I just want to say that I learned the hard way when executing several jobs on one line with cron on a busy machine, troubleshooting is much easier if you do something like:

    30  *   *   *  *  root    /usr/bin/nice -n20 /etc/rc.conf_mount_rw
    32  *   *   *  *  root    /usr/bin/tar -czf /cf/conf/rrd.tgz -C /var/db/rrd/*.rrd
    34  *   *   *  *  root    /etc/rc.conf_mount_ro

    That gives you two minutes per command to say "what the heck is it doing now???" and "what the heck has it done so far" , for example by running top in another shell, or running mount or ls to see what it's done at each stage.

    You can also create/touch debug files in between those commands, eg  && touch stage1cron.dbgstep
    That way you see quickly what's getting done and what's not. Something like:-

    30  *   *   *  *  root    /usr/bin/nice -n20 /etc/rc.conf_mount_rw  &&  /usr/bin/touch /root/stage1cron.dbgstep
    32  *   *   *  *  root    /usr/bin/tar -czf /cf/conf/rrd.tgz -C /var/db/rrd/*.rrd  &&  /usr/bin/touch /root/stage2cron.dbgstep

    I'd also suggest redirecting any stdout and stderr  from these commands to files so you can debug the success or failure of the commands, then compare them with the output the same commands run directly in a shell, in case there are differences. ( just use command > outfile.cron and compare it with the command run direct form the shell with command > ) Differences usually mean path problems or my fat fingers if I haven't cut/pasted.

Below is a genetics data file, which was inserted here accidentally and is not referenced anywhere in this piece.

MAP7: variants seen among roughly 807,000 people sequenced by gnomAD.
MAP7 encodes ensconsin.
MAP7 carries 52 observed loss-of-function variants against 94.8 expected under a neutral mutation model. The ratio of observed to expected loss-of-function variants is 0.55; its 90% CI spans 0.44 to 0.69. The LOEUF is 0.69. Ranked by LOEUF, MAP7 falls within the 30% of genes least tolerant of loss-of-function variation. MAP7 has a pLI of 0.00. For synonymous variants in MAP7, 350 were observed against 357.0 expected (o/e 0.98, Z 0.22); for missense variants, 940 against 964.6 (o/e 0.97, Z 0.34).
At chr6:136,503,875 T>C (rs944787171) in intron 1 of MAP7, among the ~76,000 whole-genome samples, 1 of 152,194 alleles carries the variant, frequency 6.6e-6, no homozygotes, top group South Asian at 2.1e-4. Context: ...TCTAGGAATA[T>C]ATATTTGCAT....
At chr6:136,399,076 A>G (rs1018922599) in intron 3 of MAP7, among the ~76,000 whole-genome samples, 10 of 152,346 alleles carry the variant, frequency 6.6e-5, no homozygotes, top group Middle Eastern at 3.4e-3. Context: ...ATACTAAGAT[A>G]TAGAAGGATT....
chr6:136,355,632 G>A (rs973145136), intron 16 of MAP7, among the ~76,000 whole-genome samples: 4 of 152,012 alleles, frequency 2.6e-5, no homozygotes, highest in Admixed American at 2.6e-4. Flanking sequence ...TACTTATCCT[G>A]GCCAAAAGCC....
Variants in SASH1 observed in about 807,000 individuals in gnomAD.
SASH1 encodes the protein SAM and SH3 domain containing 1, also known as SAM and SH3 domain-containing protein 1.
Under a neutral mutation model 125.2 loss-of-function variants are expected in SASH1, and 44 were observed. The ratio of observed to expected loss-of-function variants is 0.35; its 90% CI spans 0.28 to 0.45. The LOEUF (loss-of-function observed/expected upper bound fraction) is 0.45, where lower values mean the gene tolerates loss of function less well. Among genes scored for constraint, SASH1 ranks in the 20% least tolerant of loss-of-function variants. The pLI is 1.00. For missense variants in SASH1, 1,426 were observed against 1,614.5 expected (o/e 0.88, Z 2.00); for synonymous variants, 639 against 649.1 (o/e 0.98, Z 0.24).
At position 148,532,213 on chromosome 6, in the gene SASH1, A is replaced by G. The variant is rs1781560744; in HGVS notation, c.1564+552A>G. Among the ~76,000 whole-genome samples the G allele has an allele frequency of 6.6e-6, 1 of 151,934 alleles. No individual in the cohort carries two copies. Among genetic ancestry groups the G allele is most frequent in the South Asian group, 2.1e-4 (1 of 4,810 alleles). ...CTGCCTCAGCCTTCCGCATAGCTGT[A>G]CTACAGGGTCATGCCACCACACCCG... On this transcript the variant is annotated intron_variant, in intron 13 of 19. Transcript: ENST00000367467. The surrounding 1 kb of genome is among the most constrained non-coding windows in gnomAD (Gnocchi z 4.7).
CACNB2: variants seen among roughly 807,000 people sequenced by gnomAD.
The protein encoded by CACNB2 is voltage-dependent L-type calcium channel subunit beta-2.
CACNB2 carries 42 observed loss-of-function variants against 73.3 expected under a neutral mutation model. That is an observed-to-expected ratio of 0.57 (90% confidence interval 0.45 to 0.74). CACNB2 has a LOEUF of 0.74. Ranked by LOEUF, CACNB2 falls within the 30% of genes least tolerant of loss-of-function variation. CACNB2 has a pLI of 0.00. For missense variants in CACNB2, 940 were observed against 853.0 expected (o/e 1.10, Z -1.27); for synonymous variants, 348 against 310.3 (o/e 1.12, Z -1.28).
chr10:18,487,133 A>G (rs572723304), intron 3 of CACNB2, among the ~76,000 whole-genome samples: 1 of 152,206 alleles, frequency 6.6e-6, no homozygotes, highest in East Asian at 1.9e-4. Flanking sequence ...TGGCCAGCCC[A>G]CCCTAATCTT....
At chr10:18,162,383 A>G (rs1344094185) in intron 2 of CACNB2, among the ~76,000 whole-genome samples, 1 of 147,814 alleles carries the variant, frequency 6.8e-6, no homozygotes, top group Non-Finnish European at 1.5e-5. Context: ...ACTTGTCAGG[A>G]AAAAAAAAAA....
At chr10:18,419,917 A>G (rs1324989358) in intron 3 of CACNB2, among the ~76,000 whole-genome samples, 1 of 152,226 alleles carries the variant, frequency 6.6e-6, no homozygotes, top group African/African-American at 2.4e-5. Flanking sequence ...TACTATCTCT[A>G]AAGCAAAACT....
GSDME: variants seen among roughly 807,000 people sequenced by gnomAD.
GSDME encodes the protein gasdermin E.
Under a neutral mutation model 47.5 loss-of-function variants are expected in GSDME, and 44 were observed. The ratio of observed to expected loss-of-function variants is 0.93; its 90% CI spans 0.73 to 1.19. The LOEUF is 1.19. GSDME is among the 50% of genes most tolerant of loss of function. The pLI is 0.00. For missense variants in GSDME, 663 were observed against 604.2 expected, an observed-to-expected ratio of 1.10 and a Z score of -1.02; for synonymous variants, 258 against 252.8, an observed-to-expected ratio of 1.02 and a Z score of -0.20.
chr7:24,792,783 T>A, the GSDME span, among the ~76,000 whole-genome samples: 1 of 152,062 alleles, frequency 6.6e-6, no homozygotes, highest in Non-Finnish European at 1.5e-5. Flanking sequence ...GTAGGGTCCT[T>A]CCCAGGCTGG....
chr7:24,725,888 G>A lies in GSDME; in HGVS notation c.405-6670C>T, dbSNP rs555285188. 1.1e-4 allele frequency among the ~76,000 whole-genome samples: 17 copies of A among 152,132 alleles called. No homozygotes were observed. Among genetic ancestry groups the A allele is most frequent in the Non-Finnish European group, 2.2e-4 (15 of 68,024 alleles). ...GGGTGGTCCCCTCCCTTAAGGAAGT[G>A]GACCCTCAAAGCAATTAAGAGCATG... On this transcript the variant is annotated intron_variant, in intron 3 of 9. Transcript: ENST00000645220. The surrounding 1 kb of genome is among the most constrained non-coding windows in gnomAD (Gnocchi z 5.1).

When the debugging is done and I'm all happy, I normally recombine into one long line, (easier to carry across .xml's to new installs) but you could roll them into a shell script (then chmod+x it remember) for neatness. BUT, that means if you do a bare-metal reinstall or move to another machine you need to remember to move the shell script too. Sometimes a one-liner is easier :)

    Finally, I prefer using  &&  rather than the  ; to separate one-liner commands. That's because it waits until the preceding command is exited with no errors before it proceeds to the next, which is sometimes much safer, especially on heavily loaded/slow machines.

    HINT: think about that line for a moment - on a hardware example of :Alix+CF and a fast and short tar job onto a recently-re-mounted-as-rw CF.